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Chapter 24. User Management and Machine ... > Multiple Users and Multiple Machines...

Multiple Users and Multiple Machines: Creating Clusters

Since almost the dawn of computing, the Unix operating system has supported the notion of a cooperating group of machines that share user information between them. The concept of clustering includes the idea that the machines should share not only information, but also sufficient resources so that any user with an account on the cluster can use any machine in the cluster, and the experience will be indistinguishable from using any other machine.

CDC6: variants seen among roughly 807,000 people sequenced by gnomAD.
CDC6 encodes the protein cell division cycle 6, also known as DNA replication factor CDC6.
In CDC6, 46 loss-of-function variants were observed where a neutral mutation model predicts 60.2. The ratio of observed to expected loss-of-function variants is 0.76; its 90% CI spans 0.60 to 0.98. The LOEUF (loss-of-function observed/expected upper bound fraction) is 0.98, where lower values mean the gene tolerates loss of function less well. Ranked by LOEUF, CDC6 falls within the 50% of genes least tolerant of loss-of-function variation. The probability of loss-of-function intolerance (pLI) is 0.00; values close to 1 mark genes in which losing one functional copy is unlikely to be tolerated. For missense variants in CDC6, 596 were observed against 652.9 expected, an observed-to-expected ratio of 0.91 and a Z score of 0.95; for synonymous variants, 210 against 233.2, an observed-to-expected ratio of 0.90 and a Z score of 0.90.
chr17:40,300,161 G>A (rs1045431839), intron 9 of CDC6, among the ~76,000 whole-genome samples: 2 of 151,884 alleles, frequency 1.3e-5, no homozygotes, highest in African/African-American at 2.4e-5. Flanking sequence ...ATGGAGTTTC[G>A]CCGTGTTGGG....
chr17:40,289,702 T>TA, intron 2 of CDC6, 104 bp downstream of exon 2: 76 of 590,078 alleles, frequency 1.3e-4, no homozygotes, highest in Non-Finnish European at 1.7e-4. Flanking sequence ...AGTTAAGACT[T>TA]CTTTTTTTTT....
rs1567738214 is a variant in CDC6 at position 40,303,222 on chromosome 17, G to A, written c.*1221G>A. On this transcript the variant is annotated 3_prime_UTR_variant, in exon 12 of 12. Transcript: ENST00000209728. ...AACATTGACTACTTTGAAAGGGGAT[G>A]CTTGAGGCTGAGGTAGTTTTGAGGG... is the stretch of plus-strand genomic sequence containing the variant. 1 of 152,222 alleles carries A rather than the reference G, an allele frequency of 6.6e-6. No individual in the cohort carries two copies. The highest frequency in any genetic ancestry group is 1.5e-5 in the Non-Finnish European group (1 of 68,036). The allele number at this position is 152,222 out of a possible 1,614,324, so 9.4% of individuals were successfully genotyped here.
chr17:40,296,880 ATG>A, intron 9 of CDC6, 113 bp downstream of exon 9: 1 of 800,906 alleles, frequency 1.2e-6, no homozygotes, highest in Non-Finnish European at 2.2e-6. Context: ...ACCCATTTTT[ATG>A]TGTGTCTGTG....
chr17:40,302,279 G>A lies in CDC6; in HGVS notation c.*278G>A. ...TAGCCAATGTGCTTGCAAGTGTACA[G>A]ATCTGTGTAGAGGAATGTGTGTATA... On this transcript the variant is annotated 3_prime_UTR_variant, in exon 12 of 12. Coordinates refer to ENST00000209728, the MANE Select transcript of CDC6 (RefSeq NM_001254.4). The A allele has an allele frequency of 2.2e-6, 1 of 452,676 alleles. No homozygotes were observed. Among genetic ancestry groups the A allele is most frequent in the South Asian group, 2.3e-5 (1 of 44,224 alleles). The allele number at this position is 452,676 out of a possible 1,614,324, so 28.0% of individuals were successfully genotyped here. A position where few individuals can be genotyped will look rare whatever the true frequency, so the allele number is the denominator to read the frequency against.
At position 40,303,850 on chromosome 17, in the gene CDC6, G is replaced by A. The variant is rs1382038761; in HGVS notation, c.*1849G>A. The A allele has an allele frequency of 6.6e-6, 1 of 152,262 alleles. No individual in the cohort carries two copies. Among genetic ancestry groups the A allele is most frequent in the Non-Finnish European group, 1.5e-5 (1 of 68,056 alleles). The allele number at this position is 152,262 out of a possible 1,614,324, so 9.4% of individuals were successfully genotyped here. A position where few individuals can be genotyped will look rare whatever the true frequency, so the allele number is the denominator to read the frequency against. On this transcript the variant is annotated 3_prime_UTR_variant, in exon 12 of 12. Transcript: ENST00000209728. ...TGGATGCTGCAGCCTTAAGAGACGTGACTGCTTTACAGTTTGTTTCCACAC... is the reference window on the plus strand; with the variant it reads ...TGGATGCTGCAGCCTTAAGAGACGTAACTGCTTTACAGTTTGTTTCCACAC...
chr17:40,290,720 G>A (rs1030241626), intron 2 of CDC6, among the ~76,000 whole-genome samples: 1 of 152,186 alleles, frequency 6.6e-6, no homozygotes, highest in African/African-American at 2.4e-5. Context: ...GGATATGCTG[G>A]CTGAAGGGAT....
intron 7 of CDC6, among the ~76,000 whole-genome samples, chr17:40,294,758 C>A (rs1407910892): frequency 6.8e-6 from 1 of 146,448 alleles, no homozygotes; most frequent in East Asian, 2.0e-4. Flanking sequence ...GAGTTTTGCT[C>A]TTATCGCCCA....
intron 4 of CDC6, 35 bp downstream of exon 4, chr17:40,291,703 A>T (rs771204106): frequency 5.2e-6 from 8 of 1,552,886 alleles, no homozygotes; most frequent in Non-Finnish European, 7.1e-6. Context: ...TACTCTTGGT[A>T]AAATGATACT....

The user information traditionally is shared among the machines in the cluster by using a technology known as NIS (the Network Information System, originally known as the Yellow Pages) that was developed by Sun Microsystems. File systems (containing user accounts and software) are shared to members of the cluster using NFS (the Network File System). NFS is still the preferred way of sharing file systems under OS X, but Apple has provided a slightly more complex, and considerably more powerful, method of sharing user information: the NetInfo system. Not only is the information in NetInfo databases used for configuration of your own machine, but if you choose, this information can be shared to other machines.


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